There is a need for adaptation and expansion of basic healthcare infrastructure to cope with all implications of a disaster. Such transformation may be possible through research, education and exercises. In the current study, we report how Region Västra Götaland in Sweden has created a center with the formal position to act as POC for potential disasters, to act as a crisis management center for the healthcare services and also to provide training in disaster management.
An effective disaster response depends on structured and organized cooperation and communication between different agencies/services, institutions and individuals . The lack of, or deficiencies in understanding, coordination, communication and a jointly trained organization have been recognized as important factors in failure to respond properly to disasters and major incidents [3, 12]. A very clear governing body is desirable to further improve the delivery of aid and to maximize resources [3, 5, 12]. Studies within the field of trauma care have shown that experience, training and strict protocols are important factors to improve the outcome. Therefore, regional medical operation centers have been established in many countries to tune up disaster response and reduce mortality [3, 13–16].
Data from this registry showed an increase in the number of alerts, which might be due to earlier activation of RTiB by SOS Alarm on a relatively low suspicion of an emerging major incident (Appendix 1). It might also reflect the global awareness of disasters and terror-related incidents in the aftermath of disasters such as the 9/11 and the South-East Asian Tsunami when a psychological fearfulness for replication in a new time and zone exists [4–6]. Thus, often the anticipation of some major incidents necessitated performance of risk management by the centre's staff. Although the number of alerts was rather stable, the duration and intensity of consequent activities varied. The data concerning the increase in mass-gatherings and sport events in the region are vital for planning and distributing the regional resources. The high number of measures and contacts taken during these activities demonstrate the absolute need for communication and coordination (Table 2). To assert perfect and desirable ground for communication and coordination with other agencies e.g. Police, Fire and Rescue departments and EMS, the centre organizes continuous dialog meetings. These authorities are also invited to send staff as participants in the centre's various courses in disaster and disaster-related subjects. Personal knowledge about other agencies and their staff, gained during these activities, seems to be one of the most valuable factors in enhancing collaboration, when real major incident strikes.
During the study period, the number of local incidents decreased in favor of national and international incidents, which is a simple indicator of the globalization of the world [8, 15]. It also emphasizes the permanent need for international cooperation based on common language and education; one of the main reasons for PKMC's cooperation with ALSG, UK . Similar centers with redundant power to coordinate and communicate during a disaster have been reported in the literature [3, 17]. However, to the best of our knowledge few, if any, have the regional responsibility for staff training by conducting disaster and disaster-related courses and training. The involvement of the same people in both planning for emergencies and disasters, training the staff for such events as well as executing the emergency and disaster plans in real life, adds strength to the organization. No shorter feed-back loop between planning and executing can exist!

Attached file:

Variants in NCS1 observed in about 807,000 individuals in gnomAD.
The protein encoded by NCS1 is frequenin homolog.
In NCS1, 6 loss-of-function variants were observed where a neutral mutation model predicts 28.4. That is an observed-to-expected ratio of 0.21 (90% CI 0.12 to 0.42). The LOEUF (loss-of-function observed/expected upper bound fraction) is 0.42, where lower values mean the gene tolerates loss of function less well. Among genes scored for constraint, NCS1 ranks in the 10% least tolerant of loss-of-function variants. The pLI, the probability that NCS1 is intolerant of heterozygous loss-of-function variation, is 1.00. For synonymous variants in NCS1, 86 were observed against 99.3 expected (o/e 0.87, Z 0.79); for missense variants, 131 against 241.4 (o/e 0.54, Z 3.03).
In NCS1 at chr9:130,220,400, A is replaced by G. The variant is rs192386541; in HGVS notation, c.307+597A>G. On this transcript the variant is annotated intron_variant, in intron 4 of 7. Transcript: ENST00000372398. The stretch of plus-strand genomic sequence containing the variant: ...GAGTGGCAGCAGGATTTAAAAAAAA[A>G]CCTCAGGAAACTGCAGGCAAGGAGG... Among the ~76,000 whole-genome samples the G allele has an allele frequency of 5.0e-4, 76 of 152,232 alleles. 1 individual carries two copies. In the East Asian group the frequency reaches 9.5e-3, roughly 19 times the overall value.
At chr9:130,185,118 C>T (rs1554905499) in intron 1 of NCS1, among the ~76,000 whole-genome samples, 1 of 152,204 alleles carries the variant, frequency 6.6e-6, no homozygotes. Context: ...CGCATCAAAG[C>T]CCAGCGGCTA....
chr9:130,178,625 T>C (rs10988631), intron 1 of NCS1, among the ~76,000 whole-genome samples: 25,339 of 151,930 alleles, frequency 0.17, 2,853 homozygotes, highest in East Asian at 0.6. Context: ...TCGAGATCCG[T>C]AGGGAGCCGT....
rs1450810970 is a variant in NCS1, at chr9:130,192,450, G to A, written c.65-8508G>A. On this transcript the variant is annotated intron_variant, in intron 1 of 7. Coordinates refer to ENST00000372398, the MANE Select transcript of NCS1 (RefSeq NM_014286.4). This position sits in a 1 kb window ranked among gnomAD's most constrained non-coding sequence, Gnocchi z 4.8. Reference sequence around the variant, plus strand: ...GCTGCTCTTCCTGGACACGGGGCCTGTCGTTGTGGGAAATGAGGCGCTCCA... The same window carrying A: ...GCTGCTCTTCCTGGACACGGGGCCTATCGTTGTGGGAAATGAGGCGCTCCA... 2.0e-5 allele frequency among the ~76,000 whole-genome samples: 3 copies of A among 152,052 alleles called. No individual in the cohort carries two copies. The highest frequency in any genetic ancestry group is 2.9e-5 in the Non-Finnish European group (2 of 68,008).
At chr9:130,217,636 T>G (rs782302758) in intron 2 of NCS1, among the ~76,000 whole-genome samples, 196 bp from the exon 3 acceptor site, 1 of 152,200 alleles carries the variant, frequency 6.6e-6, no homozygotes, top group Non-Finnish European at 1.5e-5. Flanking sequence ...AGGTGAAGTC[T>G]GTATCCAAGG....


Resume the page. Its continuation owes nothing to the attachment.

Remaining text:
The increased number of hospital-related alerts during the study period raises concern, since it has a negative impact on preparedness ("surge capacity") for medical emergencies as well as major incidents within the affected area. This has been reported by other investigators [17–19], but seems to be a new and emerging problem for Sweden. The reduction of hospital beds as a consequence of economic constraint, increased sub-specialization of hospitals as well as increased dependency on high-tech equipments can be factors contributing to this problem, making the whole healthcare system more vulnerable in case of major incidents .
There are some limitations imposed to our study by its retrospective design and lack of primary relevant research questions. In addition the database was not primarily designed for research, thus, there is lack of clear definitions and operating rules for the data set. However, this registry is the tool, which for the first time has recorded these events. Although this is a retrospective study, the use of a web-based system reduces some of the limitation a retrospective study may have, e.g. standardization of data input, and open up for new studies such as evaluation of ambulance transport (diversion and secondary transports) or evaluation of hospital bed resources; information needed for politicians to make important healthcare and socio-economical decisions. These data may also emphasize the importance of research and education within the field of disaster medicine.
In conclusion, disasters are inevitable, but can be mitigated through data accumulation, planning, educating, research and practice. To coordinate these tasks regional centers with redundant authorizations are needed. The combination of risk assessment, disaster planning and training of staff together with executive responsibility at the time of disaster may not only reveal various short-comings within our organizations and the healthcare system, but may also prevent the disastrous outcome and consequences of such short-comings.